Handbook of Democratic Innovation and Governance
Show Less

Handbook of Democratic Innovation and Governance

Edited by Stephen Elstub and Oliver Escobar

Democratic innovations are proliferating in politics, governance, policy, and public administration. These new processes of public participation are reimagining the relationship between citizens and institutions. This Handbook advances understanding of democratic innovations, in theory and practice, by critically reviewing their importance throughout the world. The overarching themes are a focus on citizens and their relationship to these innovations, and the resulting effects on political equality. The Handbook therefore offers a definitive overview of existing research on democratic innovations, while also setting the agenda for future research and practice.
Buy Book in Print
Show Summary Details
You do not have access to this content

Chapter 34: Using experiments to study democratic innovations

Kimmo Grönlund and Kaisa Herne

Abstract

The chapter provides an overview of the use of experiments in the study of democratic innovations. We focus on a specific case of democratic innovations, mini-publics, because most experiments study that institutional form. We describe first what are the typical characteristics of an experiment, and provide a classification of experiment types. After that we provide examples of mini-public experiments and go through one of them in more detail, to give the reader an idea of how mini-public experiments are conducted in practice. The detailed description concerns a mini-public experiment about nuclear power that examines the influence of the decision making method on certain output variables. After the examples, we elaborate on the challenges of experimental research paying attention to issues related to internal and external validity. We finish the chapter by providing suggestions about how to handle challenges related to experiments.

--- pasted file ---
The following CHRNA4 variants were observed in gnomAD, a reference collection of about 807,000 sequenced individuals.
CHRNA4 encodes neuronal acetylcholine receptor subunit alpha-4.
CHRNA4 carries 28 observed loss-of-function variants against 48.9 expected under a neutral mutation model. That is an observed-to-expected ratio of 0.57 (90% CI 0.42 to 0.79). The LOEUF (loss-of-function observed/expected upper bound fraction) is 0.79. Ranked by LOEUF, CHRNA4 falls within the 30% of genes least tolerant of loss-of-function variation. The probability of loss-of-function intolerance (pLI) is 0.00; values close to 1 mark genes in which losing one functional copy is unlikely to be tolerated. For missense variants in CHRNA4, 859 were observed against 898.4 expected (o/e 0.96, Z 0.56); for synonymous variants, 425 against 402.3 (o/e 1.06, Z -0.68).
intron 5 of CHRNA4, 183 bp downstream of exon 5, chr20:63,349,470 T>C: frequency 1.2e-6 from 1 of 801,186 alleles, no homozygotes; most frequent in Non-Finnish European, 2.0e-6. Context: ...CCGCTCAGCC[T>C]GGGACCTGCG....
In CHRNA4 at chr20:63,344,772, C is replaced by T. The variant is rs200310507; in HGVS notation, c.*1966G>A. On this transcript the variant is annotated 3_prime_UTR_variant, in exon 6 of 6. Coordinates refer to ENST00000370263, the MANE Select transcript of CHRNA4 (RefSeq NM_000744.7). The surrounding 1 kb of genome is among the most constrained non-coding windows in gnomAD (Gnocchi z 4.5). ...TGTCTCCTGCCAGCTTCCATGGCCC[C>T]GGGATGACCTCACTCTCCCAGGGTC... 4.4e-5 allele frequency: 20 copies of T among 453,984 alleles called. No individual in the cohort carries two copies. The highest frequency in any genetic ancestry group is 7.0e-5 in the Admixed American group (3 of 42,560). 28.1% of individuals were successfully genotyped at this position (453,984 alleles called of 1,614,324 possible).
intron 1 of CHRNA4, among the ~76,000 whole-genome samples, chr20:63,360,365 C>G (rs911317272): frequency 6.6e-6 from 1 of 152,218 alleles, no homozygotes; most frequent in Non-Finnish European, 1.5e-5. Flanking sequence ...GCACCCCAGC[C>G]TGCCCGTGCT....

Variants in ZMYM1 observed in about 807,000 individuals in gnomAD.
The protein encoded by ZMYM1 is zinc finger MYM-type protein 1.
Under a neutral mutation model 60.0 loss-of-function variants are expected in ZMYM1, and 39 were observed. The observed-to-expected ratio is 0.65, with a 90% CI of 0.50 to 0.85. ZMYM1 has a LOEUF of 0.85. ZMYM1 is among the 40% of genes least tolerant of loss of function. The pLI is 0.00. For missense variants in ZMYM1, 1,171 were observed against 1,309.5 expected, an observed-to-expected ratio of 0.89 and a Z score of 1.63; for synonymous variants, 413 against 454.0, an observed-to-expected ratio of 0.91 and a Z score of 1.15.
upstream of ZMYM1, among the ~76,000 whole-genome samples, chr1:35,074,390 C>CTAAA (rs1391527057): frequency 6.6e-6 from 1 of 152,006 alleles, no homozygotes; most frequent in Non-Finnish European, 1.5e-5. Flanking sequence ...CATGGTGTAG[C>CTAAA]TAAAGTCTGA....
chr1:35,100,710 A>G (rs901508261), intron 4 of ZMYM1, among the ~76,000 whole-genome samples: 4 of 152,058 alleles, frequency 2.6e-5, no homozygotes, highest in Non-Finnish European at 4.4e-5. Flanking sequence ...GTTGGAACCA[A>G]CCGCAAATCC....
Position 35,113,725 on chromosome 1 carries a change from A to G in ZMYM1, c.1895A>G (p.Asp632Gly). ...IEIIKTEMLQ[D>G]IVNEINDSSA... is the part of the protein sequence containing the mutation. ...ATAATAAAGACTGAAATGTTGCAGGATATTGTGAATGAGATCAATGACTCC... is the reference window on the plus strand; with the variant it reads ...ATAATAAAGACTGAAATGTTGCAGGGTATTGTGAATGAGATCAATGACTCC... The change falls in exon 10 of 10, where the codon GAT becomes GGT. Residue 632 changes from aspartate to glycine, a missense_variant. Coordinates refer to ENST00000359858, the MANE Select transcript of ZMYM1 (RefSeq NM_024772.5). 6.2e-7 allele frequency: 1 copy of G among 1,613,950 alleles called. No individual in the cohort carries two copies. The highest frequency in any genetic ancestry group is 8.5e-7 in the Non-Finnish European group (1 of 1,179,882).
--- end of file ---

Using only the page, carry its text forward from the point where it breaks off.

You are not authenticated to view the full text of this chapter or article.

Elgaronline requires a subscription or purchase to access the full text of books or journals. Please login through your library system or with your personal username and password on the homepage.

Non-subscribers can freely search the site, view abstracts/ extracts and download selected front matter and introductory chapters for personal use.

Your library may not have purchased all subject areas. If you are authenticated and think you should have access to this title, please contact your librarian.


Further information

or login to access all content.